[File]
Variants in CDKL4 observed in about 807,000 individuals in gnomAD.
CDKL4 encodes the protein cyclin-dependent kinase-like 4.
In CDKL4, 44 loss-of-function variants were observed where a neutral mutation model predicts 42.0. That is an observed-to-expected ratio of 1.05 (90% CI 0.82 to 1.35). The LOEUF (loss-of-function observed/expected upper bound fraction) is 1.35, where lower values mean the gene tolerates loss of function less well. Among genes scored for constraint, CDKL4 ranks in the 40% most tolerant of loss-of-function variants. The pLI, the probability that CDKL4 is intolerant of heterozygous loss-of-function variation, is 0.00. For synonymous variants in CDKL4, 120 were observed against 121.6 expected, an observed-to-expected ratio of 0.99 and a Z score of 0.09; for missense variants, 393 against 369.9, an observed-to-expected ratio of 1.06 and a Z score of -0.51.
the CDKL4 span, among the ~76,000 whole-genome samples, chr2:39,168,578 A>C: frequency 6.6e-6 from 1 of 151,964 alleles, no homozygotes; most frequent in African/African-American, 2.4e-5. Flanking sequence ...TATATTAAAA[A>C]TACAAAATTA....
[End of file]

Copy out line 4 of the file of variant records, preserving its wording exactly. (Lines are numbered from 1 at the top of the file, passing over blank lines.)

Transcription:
the CDKL4 span, among the ~76,000 whole-genome samples, chr2:39,168,578 A>C: frequency 6.6e-6 from 1 of 151,964 alleles, no homozygotes; most frequent in African/African-American, 2.4e-5. Flanking sequence ...TATATTAAAA[A>C]TACAAAATTA....